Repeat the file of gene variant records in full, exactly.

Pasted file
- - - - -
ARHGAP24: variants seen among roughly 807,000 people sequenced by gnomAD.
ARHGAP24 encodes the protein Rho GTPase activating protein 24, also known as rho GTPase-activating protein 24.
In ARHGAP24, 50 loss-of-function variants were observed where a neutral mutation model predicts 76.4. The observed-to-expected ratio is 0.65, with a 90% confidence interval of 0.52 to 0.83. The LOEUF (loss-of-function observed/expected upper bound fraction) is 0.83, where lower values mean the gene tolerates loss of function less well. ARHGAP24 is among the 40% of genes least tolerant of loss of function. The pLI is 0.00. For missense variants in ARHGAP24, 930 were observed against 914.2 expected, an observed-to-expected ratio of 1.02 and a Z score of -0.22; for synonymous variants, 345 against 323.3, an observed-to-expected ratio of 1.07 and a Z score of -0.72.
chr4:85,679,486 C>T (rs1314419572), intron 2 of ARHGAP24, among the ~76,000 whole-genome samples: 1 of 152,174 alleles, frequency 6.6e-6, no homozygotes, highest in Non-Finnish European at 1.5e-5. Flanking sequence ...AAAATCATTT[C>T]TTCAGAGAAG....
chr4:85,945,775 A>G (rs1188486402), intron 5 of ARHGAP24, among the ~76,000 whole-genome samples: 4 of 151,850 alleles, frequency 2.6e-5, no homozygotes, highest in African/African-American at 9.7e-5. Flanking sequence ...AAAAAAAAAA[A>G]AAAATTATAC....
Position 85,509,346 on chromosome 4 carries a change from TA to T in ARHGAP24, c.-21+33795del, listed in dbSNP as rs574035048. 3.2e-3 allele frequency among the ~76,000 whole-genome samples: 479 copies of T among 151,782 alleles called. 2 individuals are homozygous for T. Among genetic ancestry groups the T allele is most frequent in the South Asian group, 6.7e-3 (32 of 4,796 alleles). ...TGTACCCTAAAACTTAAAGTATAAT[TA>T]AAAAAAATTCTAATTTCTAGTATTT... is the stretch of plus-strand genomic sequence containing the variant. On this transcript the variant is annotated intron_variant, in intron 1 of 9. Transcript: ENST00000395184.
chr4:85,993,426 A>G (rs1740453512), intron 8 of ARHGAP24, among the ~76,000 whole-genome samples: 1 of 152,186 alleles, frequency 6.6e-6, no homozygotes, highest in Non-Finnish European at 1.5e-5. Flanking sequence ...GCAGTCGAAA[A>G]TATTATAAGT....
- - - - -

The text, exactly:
ARHGAP24: variants seen among roughly 807,000 people sequenced by gnomAD.
ARHGAP24 encodes the protein Rho GTPase activating protein 24, also known as rho GTPase-activating protein 24.
In ARHGAP24, 50 loss-of-function variants were observed where a neutral mutation model predicts 76.4. The observed-to-expected ratio is 0.65, with a 90% confidence interval of 0.52 to 0.83. The LOEUF (loss-of-function observed/expected upper bound fraction) is 0.83, where lower values mean the gene tolerates loss of function less well. ARHGAP24 is among the 40% of genes least tolerant of loss of function. The pLI is 0.00. For missense variants in ARHGAP24, 930 were observed against 914.2 expected, an observed-to-expected ratio of 1.02 and a Z score of -0.22; for synonymous variants, 345 against 323.3, an observed-to-expected ratio of 1.07 and a Z score of -0.72.
chr4:85,679,486 C>T (rs1314419572), intron 2 of ARHGAP24, among the ~76,000 whole-genome samples: 1 of 152,174 alleles, frequency 6.6e-6, no homozygotes, highest in Non-Finnish European at 1.5e-5. Flanking sequence ...AAAATCATTT[C>T]TTCAGAGAAG....
chr4:85,945,775 A>G (rs1188486402), intron 5 of ARHGAP24, among the ~76,000 whole-genome samples: 4 of 151,850 alleles, frequency 2.6e-5, no homozygotes, highest in African/African-American at 9.7e-5. Flanking sequence ...AAAAAAAAAA[A>G]AAAATTATAC....
Position 85,509,346 on chromosome 4 carries a change from TA to T in ARHGAP24, c.-21+33795del, listed in dbSNP as rs574035048. 3.2e-3 allele frequency among the ~76,000 whole-genome samples: 479 copies of T among 151,782 alleles called. 2 individuals are homozygous for T. Among genetic ancestry groups the T allele is most frequent in the South Asian group, 6.7e-3 (32 of 4,796 alleles). ...TGTACCCTAAAACTTAAAGTATAAT[TA>T]AAAAAAATTCTAATTTCTAGTATTT... is the stretch of plus-strand genomic sequence containing the variant. On this transcript the variant is annotated intron_variant, in intron 1 of 9. Transcript: ENST00000395184.
chr4:85,993,426 A>G (rs1740453512), intron 8 of ARHGAP24, among the ~76,000 whole-genome samples: 1 of 152,186 alleles, frequency 6.6e-6, no homozygotes, highest in Non-Finnish European at 1.5e-5. Flanking sequence ...GCAGTCGAAA[A>G]TATTATAAGT....